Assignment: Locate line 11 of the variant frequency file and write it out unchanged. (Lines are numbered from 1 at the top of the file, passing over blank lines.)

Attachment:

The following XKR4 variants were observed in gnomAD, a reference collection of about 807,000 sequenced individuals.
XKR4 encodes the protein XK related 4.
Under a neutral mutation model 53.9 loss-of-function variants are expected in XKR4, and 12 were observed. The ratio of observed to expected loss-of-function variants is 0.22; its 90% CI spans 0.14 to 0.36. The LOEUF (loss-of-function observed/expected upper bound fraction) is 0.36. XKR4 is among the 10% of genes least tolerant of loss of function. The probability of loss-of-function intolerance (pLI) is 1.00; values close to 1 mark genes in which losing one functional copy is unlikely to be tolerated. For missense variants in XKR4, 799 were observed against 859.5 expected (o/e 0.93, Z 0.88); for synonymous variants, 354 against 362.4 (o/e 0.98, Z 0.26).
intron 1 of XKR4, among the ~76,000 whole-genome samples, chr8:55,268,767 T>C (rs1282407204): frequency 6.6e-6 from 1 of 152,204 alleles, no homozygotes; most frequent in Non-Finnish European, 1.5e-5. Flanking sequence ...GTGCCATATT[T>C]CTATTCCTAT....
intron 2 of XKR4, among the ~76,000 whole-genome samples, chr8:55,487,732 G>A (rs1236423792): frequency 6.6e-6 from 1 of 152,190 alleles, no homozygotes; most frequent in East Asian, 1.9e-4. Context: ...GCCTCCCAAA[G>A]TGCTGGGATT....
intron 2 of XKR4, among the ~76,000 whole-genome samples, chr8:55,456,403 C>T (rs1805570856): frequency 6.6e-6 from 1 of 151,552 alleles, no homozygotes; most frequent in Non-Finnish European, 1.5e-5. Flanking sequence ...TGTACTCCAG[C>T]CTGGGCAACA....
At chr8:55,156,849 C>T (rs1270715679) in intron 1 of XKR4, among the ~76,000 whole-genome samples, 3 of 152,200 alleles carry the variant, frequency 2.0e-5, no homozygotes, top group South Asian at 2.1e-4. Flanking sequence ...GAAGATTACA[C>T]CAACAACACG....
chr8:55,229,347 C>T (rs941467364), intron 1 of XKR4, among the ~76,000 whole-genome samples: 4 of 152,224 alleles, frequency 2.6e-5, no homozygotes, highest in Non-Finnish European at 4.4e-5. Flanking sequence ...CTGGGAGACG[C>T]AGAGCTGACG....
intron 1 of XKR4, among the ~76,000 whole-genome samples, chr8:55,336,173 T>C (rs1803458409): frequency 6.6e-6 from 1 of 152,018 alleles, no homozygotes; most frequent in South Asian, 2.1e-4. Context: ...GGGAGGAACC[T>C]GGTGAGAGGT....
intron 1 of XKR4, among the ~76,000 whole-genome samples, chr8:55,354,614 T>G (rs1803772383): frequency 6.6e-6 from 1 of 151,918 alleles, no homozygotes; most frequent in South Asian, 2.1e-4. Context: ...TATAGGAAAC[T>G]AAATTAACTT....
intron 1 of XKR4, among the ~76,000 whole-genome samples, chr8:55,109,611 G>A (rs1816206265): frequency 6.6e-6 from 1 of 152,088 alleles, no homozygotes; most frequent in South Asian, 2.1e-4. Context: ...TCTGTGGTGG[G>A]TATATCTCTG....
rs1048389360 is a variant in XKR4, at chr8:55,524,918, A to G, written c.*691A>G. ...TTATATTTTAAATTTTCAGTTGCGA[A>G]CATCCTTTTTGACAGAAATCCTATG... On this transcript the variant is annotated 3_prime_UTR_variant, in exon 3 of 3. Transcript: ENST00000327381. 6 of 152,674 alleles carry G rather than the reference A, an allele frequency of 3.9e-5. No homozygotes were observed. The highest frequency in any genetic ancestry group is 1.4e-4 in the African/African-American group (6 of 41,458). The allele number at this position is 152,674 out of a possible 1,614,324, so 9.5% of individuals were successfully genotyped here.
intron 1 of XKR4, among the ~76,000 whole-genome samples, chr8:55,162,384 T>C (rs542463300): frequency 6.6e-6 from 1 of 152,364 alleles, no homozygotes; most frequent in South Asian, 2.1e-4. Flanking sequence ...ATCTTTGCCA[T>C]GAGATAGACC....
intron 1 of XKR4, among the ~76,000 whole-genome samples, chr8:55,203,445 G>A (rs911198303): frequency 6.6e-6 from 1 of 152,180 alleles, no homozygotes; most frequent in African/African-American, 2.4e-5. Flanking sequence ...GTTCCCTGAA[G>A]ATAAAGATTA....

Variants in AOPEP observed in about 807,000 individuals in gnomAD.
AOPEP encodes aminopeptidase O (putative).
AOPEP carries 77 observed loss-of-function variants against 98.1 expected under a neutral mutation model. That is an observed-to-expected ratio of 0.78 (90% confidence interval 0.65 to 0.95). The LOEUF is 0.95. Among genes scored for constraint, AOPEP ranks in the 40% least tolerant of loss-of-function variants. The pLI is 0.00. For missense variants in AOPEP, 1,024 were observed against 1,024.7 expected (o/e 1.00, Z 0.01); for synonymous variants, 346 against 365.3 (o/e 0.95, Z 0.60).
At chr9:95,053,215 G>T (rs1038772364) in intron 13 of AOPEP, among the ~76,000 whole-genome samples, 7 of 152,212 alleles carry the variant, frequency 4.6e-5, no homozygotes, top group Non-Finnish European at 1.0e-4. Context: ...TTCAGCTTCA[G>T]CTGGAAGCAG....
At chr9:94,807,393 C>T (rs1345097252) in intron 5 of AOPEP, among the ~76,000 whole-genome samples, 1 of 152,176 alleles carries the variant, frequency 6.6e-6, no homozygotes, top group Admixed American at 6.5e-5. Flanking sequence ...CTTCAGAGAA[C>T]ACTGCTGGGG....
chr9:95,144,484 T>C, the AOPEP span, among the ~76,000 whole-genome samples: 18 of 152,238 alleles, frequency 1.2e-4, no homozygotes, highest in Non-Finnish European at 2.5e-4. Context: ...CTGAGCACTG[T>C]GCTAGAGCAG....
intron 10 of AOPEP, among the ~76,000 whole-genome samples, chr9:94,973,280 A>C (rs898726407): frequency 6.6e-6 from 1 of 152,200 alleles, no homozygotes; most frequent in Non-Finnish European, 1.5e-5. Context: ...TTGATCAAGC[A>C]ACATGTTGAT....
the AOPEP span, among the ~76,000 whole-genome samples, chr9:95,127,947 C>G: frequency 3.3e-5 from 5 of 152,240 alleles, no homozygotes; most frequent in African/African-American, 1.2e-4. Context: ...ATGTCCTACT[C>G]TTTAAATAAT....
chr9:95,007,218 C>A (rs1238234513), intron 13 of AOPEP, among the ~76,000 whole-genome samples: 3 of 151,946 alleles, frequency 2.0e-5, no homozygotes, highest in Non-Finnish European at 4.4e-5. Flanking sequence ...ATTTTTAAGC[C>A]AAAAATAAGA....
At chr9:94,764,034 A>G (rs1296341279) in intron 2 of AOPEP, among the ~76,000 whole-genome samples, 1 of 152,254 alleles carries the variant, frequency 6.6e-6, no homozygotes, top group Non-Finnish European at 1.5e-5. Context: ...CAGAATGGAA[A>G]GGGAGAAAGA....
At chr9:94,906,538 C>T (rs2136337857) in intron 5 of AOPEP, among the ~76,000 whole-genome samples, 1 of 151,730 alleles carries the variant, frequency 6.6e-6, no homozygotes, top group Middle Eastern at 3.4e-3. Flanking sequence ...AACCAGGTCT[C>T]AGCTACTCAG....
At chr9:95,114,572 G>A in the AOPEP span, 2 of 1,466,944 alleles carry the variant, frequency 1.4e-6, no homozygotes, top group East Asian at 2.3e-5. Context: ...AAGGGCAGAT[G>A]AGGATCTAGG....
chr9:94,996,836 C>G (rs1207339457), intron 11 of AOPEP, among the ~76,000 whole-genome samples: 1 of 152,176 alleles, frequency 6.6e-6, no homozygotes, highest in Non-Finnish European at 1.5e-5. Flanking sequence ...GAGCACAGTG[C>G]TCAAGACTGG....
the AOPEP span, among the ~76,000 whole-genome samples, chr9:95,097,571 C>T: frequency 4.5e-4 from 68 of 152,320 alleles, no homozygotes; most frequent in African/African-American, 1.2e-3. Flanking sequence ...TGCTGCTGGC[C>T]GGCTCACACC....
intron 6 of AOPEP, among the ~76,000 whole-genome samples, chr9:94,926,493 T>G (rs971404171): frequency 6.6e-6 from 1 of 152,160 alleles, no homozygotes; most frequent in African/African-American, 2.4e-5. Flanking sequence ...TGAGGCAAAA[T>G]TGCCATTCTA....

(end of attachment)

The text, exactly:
intron 1 of XKR4, among the ~76,000 whole-genome samples, chr8:55,109,611 G>A (rs1816206265): frequency 6.6e-6 from 1 of 152,088 alleles, no homozygotes; most frequent in South Asian, 2.1e-4. Context: ...TCTGTGGTGG[G>A]TATATCTCTG....